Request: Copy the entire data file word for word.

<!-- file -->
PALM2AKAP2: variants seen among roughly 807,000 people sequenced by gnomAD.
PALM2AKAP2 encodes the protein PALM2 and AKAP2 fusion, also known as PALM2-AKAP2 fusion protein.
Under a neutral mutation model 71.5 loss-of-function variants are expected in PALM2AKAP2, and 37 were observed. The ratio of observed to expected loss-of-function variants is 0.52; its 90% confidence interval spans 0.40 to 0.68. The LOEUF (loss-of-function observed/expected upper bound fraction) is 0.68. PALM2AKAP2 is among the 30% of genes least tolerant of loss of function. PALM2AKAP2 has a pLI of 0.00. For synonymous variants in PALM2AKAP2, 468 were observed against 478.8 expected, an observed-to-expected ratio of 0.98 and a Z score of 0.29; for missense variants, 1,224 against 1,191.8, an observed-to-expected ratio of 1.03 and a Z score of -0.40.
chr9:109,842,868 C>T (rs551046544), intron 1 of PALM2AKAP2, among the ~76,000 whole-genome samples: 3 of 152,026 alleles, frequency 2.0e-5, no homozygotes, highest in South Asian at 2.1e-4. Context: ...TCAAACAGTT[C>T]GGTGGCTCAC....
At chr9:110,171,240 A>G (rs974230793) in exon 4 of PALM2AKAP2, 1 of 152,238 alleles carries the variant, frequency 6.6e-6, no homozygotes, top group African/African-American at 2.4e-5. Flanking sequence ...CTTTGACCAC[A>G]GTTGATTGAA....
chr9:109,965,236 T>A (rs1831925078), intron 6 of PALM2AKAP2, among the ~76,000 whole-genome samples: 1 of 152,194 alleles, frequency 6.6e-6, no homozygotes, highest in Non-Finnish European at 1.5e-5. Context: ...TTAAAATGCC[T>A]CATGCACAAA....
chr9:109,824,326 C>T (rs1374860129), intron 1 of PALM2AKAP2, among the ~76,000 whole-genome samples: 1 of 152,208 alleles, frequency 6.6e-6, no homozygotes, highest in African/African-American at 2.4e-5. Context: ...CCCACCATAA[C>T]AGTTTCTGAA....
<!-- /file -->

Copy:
PALM2AKAP2: variants seen among roughly 807,000 people sequenced by gnomAD.
PALM2AKAP2 encodes the protein PALM2 and AKAP2 fusion, also known as PALM2-AKAP2 fusion protein.
Under a neutral mutation model 71.5 loss-of-function variants are expected in PALM2AKAP2, and 37 were observed. The ratio of observed to expected loss-of-function variants is 0.52; its 90% confidence interval spans 0.40 to 0.68. The LOEUF (loss-of-function observed/expected upper bound fraction) is 0.68. PALM2AKAP2 is among the 30% of genes least tolerant of loss of function. PALM2AKAP2 has a pLI of 0.00. For synonymous variants in PALM2AKAP2, 468 were observed against 478.8 expected, an observed-to-expected ratio of 0.98 and a Z score of 0.29; for missense variants, 1,224 against 1,191.8, an observed-to-expected ratio of 1.03 and a Z score of -0.40.
chr9:109,842,868 C>T (rs551046544), intron 1 of PALM2AKAP2, among the ~76,000 whole-genome samples: 3 of 152,026 alleles, frequency 2.0e-5, no homozygotes, highest in South Asian at 2.1e-4. Context: ...TCAAACAGTT[C>T]GGTGGCTCAC....
At chr9:110,171,240 A>G (rs974230793) in exon 4 of PALM2AKAP2, 1 of 152,238 alleles carries the variant, frequency 6.6e-6, no homozygotes, top group African/African-American at 2.4e-5. Flanking sequence ...CTTTGACCAC[A>G]GTTGATTGAA....
chr9:109,965,236 T>A (rs1831925078), intron 6 of PALM2AKAP2, among the ~76,000 whole-genome samples: 1 of 152,194 alleles, frequency 6.6e-6, no homozygotes, highest in Non-Finnish European at 1.5e-5. Context: ...TTAAAATGCC[T>A]CATGCACAAA....
chr9:109,824,326 C>T (rs1374860129), intron 1 of PALM2AKAP2, among the ~76,000 whole-genome samples: 1 of 152,208 alleles, frequency 6.6e-6, no homozygotes, highest in African/African-American at 2.4e-5. Context: ...CCCACCATAA[C>T]AGTTTCTGAA....